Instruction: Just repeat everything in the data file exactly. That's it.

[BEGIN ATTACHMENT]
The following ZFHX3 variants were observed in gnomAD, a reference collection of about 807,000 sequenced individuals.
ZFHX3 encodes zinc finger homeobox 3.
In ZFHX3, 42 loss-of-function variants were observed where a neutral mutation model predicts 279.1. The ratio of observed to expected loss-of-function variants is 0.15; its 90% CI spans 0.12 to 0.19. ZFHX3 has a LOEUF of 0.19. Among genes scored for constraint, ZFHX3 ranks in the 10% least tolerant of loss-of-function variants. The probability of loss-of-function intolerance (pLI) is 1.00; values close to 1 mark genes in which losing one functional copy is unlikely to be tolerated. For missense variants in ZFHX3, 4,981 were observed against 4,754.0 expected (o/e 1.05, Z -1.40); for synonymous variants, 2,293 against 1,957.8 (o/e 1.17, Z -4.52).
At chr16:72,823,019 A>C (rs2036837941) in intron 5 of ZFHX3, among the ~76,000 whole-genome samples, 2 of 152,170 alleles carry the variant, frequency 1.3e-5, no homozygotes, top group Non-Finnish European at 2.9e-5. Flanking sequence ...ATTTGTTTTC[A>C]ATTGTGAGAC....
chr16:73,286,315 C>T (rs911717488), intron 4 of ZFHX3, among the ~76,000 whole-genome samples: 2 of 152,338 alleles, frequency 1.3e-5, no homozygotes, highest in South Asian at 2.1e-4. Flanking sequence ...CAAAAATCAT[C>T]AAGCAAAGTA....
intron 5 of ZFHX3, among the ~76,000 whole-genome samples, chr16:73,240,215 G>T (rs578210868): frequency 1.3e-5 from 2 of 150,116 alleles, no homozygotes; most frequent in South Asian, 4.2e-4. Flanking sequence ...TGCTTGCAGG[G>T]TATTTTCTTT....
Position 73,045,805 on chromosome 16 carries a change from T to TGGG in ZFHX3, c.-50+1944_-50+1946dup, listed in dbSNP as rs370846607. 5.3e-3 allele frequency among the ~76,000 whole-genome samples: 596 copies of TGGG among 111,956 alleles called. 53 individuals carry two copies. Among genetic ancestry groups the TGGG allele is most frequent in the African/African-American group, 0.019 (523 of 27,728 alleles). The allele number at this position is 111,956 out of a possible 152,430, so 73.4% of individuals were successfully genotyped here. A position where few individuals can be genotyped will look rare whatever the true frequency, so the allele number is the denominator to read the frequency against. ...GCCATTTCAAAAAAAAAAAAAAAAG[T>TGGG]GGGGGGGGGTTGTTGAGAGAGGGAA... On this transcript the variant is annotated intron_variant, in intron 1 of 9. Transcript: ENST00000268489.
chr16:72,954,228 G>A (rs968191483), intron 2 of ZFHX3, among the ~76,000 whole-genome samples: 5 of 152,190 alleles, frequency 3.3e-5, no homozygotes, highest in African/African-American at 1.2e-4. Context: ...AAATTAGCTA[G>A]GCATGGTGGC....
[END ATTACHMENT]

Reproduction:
The following ZFHX3 variants were observed in gnomAD, a reference collection of about 807,000 sequenced individuals.
ZFHX3 encodes zinc finger homeobox 3.
In ZFHX3, 42 loss-of-function variants were observed where a neutral mutation model predicts 279.1. The ratio of observed to expected loss-of-function variants is 0.15; its 90% CI spans 0.12 to 0.19. ZFHX3 has a LOEUF of 0.19. Among genes scored for constraint, ZFHX3 ranks in the 10% least tolerant of loss-of-function variants. The probability of loss-of-function intolerance (pLI) is 1.00; values close to 1 mark genes in which losing one functional copy is unlikely to be tolerated. For missense variants in ZFHX3, 4,981 were observed against 4,754.0 expected (o/e 1.05, Z -1.40); for synonymous variants, 2,293 against 1,957.8 (o/e 1.17, Z -4.52).
At chr16:72,823,019 A>C (rs2036837941) in intron 5 of ZFHX3, among the ~76,000 whole-genome samples, 2 of 152,170 alleles carry the variant, frequency 1.3e-5, no homozygotes, top group Non-Finnish European at 2.9e-5. Flanking sequence ...ATTTGTTTTC[A>C]ATTGTGAGAC....
chr16:73,286,315 C>T (rs911717488), intron 4 of ZFHX3, among the ~76,000 whole-genome samples: 2 of 152,338 alleles, frequency 1.3e-5, no homozygotes, highest in South Asian at 2.1e-4. Flanking sequence ...CAAAAATCAT[C>T]AAGCAAAGTA....
intron 5 of ZFHX3, among the ~76,000 whole-genome samples, chr16:73,240,215 G>T (rs578210868): frequency 1.3e-5 from 2 of 150,116 alleles, no homozygotes; most frequent in South Asian, 4.2e-4. Flanking sequence ...TGCTTGCAGG[G>T]TATTTTCTTT....
Position 73,045,805 on chromosome 16 carries a change from T to TGGG in ZFHX3, c.-50+1944_-50+1946dup, listed in dbSNP as rs370846607. 5.3e-3 allele frequency among the ~76,000 whole-genome samples: 596 copies of TGGG among 111,956 alleles called. 53 individuals carry two copies. Among genetic ancestry groups the TGGG allele is most frequent in the African/African-American group, 0.019 (523 of 27,728 alleles). The allele number at this position is 111,956 out of a possible 152,430, so 73.4% of individuals were successfully genotyped here. A position where few individuals can be genotyped will look rare whatever the true frequency, so the allele number is the denominator to read the frequency against. ...GCCATTTCAAAAAAAAAAAAAAAAG[T>TGGG]GGGGGGGGGTTGTTGAGAGAGGGAA... On this transcript the variant is annotated intron_variant, in intron 1 of 9. Transcript: ENST00000268489.
chr16:72,954,228 G>A (rs968191483), intron 2 of ZFHX3, among the ~76,000 whole-genome samples: 5 of 152,190 alleles, frequency 3.3e-5, no homozygotes, highest in African/African-American at 1.2e-4. Context: ...AAATTAGCTA[G>A]GCATGGTGGC....